Founded in 1877 at the University of Michigan this Sigma Chi’s building features decorative brick work, various types of window paneling and a Doric columned porch with a simple entablature.
Wilson Wahr House
Wilson Wahr House. Source: aadl.org
The Wilson Wahr House, originally owned by Judge Robert Wilson was completed in three stages. The middle section was built in 1835, the temple portico in 1843 and the kitchen and rear quarters for the servants in 1850. Considered one of the finest examples of Greek Revival architecture in Michigan and in the nation the Wahr House exhibits extremely well crafted and designed architectural proportions, which have root in Greek archaeology (Tyler 2014). The home owners Norman and Ilene Tyler trace this architectural influence in the their book, Greek Revival in America, from Ann Arbor through the Eastern U.S. to Britain and finally to Greece. Currently they still reside in the bold temple-stlye home and are very prideful of their home’s unique heritage, which in large they have discovered.
Front of the Bank of Pennsylvania, Philadelphia. Source: phillyhistory.org.
Side view of bank. Source: classconnection.s3.amazonaws.com.
Built in 1812, the Fairmount Water Works, was an impressive display of Greek architecture in Philadelphia.. Source: domusinc.net.
Designed by the English architect Benjamin Latrobe, the Bank of Philadelphia, built in 1799, was one of the nation’s most influential buildings (Finkel 2013 B). The neoclassical building’s elegant design featured Ionic columned porticos on both ends that was awe inspiring and had never been seen before in America (Tyler 2014: 50). It was also one of the first buildings to use archaeologically correct details (from Stewart and Revett’s renowned 1762 book Antiquities of Athens) but was by no means a copy of a Greek temple and was built using a plan of new simplicity and openness (Finkel 2013 B). Thanks to Latrobe’s work, Greek architecture continued to inspire the development of cities in the U.S., especially in the East and even before he planned the Fairmount Water Works complex he had “earned the reputation as the Father of American Architecture” (Tyler 2014: 49-50). His bank was demolished in 1867 but the Fairmount Water Works complex still stands today.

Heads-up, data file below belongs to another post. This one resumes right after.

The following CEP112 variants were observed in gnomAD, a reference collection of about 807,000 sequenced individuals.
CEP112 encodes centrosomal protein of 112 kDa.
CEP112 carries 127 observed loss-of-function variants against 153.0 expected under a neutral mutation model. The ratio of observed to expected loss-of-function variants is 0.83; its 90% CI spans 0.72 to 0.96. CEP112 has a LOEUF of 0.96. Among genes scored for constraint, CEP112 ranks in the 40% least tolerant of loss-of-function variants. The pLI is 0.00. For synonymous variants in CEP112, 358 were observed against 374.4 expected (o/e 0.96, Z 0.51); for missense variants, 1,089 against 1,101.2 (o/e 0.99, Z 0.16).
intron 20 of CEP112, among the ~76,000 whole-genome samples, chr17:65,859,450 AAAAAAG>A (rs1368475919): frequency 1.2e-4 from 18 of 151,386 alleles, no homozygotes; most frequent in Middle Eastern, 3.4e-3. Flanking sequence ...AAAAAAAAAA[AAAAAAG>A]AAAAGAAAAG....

The Second Bank of the United States, Philadelphia. Source: theredlist.com.
Like Robert Mills (a prominent architect), William Strickland was greatly influenced by Latrobe and established himself as one of the first architects to use the Greek Revival style when he designed the Second Bank of the United States (1819-1824) (Tyler 2014: 51). Strickland was Latrobe’s student for a short while, but was fired because of his “whirligig temperament” (Finkle 2013 A). Strickland’s design drew influence from the Parthenon’s pediments and its Doric columns (nps.gov) and helped to further exhibit Philadelphia’s affinity to ancient Greece’s glory (Finkel 2011). Currently it houses the Portrait Gallery which exhibits a permanent collection of over 150 portraits of 18th and 19th century political leaders, military officers, explorers and scientists (nps.gov).
Founder’s Hall (1833-47) at Girard College, Philadelphia. Source: andrewhopkinsart.blogspot.com.
Girard college’s Founders hall is so immense that it is even larger than the Parthenon. Built in true temple from by Thomas Walters, another of Latrobe’s students, the hall was the college’s first classroom building that was completely encircled by a colonnade (Tyler 2014: 52). Although intended for classroom use according to Girard’s will, which had set aside $2 million for its construction, the “echoing domes and poor traffic flow” made it unconducive to teaching (hiddencityphila.org). Nonetheless, it is considered one of the finest examples of Greek Revival architecture in the U.S. and is a National Historic Landmark, which houses two museum collections and the archives of Stephen Girard houses (girardcollege.edu).